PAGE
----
A car slowly makes it way on I-95 in New Haven, Connecticut Jan. 27, 2015. Reuters/Michelle McLoughlin

The U.S. Northeast slowly creaked back to life Tuesday morning as the storm touted as a historic blizzard faded to a drift. While the storm, unofficially dubbed Juno by the Weather Channel, was not as severe as initially feared, scientists warned that future blizzards could be stronger and snowier because of global warming.

The main reason is that as ocean temperatures rise, more moisture is pumped into the air, causing heavier rainfall during warmer seasons and more aggressive snowfall in the winter, Robert Mera, a meteorologist with the Union of Concerned Scientists, said in a statement. Sea surface temperatures off the East Coast are more than 2 degrees Fahrenheit higher than normal, in part because humans are burning fossil fuels and producing heat-trapping greenhouse gas emissions.

"There is no doubt that a component of that anomalous [ocean] warmth is due to human-caused climate change," Michael Mann, a climatologist at Penn State, told the Washington Post.

Warmer oceans not only can cause heavier snowfall but also accelerate the speed and strength of nor'easters, the type of storm that hit the Northeast on Monday night. Nor'easters are formed when freezing Arctic air clashes with warm waters in the Gulf Stream ocean current.

“The U.N. Intergovernmental Panel on Climate Change has found that nor’easters like this one may grow stronger [with] human-caused climate change, as they are driven by the contrast between cold Arctic air masses and ever-warming ocean surface temperatures,” Mann told the Post.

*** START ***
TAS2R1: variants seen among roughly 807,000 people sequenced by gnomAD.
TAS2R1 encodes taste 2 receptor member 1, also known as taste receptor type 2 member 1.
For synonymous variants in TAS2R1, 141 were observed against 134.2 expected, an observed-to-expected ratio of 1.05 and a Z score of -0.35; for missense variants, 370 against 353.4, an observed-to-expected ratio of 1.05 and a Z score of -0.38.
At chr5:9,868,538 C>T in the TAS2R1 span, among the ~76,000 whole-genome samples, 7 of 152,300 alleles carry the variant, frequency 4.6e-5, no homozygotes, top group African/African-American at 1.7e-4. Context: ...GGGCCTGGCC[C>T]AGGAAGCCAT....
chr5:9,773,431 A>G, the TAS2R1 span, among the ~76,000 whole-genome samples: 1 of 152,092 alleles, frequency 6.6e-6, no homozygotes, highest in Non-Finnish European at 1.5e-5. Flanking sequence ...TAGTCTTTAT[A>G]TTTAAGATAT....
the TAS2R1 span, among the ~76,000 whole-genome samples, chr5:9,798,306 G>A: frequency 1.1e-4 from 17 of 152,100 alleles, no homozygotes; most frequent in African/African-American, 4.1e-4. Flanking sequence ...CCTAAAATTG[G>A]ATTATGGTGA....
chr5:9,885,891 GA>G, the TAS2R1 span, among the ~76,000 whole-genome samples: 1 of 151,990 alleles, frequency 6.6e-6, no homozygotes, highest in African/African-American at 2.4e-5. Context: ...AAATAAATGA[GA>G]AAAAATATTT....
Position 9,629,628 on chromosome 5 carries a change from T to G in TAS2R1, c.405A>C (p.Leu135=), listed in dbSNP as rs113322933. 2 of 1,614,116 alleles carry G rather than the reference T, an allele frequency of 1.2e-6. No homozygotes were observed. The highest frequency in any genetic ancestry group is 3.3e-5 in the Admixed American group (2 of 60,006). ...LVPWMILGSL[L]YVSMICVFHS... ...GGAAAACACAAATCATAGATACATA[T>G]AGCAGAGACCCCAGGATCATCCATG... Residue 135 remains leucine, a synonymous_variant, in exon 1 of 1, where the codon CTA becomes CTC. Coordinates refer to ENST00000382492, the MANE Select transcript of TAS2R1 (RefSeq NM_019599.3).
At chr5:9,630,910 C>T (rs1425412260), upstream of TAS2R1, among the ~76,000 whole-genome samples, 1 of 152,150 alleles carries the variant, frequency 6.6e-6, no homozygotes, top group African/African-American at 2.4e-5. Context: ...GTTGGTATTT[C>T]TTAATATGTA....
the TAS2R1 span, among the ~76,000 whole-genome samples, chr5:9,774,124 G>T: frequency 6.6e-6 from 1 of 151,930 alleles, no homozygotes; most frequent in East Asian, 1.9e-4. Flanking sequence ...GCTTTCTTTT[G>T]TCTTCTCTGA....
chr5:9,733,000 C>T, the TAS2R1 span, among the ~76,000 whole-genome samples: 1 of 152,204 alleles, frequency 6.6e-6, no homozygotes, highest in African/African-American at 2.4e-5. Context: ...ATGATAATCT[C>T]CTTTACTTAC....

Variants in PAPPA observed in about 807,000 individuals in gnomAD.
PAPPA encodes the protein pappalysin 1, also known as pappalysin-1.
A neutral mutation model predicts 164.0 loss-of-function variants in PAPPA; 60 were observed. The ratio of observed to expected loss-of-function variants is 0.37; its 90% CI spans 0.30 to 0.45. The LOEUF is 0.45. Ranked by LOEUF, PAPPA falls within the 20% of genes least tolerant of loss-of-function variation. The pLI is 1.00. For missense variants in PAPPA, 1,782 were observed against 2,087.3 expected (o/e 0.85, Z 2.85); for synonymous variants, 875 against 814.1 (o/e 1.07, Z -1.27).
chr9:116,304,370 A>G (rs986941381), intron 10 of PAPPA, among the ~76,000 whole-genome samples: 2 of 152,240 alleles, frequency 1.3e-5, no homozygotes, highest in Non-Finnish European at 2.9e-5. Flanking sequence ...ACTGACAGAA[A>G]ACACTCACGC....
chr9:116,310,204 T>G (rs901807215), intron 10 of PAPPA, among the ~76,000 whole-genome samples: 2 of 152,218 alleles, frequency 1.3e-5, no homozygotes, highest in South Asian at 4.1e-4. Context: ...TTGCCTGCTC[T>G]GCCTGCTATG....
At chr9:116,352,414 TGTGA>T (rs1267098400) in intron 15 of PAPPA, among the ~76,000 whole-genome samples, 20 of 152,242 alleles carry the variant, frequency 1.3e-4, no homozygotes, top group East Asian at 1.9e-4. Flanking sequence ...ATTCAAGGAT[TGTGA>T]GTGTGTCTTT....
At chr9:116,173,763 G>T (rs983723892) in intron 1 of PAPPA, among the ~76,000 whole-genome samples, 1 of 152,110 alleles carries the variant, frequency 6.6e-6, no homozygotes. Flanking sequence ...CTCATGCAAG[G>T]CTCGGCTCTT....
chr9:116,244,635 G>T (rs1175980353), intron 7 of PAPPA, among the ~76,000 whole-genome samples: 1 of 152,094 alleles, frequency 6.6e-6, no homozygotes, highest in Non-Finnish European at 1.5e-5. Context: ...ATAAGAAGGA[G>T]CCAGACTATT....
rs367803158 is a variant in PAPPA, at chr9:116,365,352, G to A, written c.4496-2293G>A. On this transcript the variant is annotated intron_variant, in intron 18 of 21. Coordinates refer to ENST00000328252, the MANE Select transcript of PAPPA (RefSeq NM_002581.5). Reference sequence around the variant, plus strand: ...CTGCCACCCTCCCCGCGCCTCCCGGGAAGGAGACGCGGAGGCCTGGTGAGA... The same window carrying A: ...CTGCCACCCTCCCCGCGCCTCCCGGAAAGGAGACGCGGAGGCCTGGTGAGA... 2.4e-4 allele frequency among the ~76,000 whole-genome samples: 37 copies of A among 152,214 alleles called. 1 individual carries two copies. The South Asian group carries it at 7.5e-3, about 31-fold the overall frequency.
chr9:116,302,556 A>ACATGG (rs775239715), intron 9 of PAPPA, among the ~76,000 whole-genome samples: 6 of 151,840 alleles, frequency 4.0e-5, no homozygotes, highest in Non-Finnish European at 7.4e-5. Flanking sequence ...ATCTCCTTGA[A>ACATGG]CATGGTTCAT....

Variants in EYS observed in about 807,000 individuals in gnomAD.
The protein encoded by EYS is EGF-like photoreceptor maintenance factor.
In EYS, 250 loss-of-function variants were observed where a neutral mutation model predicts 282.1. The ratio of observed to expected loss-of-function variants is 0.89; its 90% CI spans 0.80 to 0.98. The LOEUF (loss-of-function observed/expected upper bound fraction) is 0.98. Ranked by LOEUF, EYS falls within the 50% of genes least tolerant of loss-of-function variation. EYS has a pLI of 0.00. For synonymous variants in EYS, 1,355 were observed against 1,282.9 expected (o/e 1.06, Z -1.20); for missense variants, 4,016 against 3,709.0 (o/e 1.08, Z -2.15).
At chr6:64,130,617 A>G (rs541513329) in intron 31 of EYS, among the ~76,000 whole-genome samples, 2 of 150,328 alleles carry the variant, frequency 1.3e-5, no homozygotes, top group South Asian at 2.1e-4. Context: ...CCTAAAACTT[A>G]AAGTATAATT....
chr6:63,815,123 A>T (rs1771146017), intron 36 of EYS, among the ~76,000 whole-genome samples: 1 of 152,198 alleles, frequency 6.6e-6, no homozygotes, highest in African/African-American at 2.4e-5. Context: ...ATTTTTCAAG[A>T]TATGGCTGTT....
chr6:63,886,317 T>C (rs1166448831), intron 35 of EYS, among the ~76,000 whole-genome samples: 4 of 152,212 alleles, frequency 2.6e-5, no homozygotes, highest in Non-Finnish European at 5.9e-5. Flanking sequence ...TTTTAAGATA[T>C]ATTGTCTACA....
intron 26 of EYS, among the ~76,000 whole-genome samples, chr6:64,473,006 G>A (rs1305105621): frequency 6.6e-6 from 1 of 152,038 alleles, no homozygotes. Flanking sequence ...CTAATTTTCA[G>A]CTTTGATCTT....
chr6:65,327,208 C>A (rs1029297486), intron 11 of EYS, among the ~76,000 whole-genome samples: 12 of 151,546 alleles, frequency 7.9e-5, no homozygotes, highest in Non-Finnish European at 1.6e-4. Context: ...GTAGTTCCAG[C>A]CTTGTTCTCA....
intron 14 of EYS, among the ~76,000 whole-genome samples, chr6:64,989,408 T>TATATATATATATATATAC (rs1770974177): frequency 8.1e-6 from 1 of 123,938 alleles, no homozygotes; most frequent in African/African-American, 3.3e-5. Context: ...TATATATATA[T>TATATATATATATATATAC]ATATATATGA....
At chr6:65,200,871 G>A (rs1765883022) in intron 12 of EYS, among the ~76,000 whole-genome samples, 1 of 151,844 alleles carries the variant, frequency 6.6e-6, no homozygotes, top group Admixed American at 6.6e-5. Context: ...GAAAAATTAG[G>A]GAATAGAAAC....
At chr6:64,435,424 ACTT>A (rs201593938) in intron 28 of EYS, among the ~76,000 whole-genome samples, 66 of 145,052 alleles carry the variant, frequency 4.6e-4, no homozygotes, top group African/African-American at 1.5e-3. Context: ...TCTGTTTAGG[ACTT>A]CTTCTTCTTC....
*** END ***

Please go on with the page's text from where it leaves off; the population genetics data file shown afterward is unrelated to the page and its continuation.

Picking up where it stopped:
Climate scientists are reluctant to peg specific weather events like Juno to the phenomenon of climate change. But they do say there is mounting evidence that warming atmospheric conditions are increasing precipitation and making storms more severe. For instance, from 1958 to 2012, the Northeast saw a 71 percent increase in "very heavy" storms, according to the Obama administration's National Climate Assessment.

"We can't make too big a deal of every single storm and say it is caused by climate change," climate scientist Don Wuebbles of the University of Illinois in Urbana told National Geographic Monday. "But what we are seeing today is completely typical of what you would expect to see in a warming climate."

Mera, the meteorologist, said global warming could also intensify the effects of coastal flooding during nor'easters and other tropical storms. In Massachusetts, which took the brunt of this week's blizzard, coastal communities saw up to 4 feet of flooding early Tuesday morning as hurricane-force winds pushed water ashore.

"The storm surge is now riding in on seas that are 8 inches to a foot higher in the Northeast than they were in the early 20th century,” Mera said. "Climate change will also make coastal flooding worse."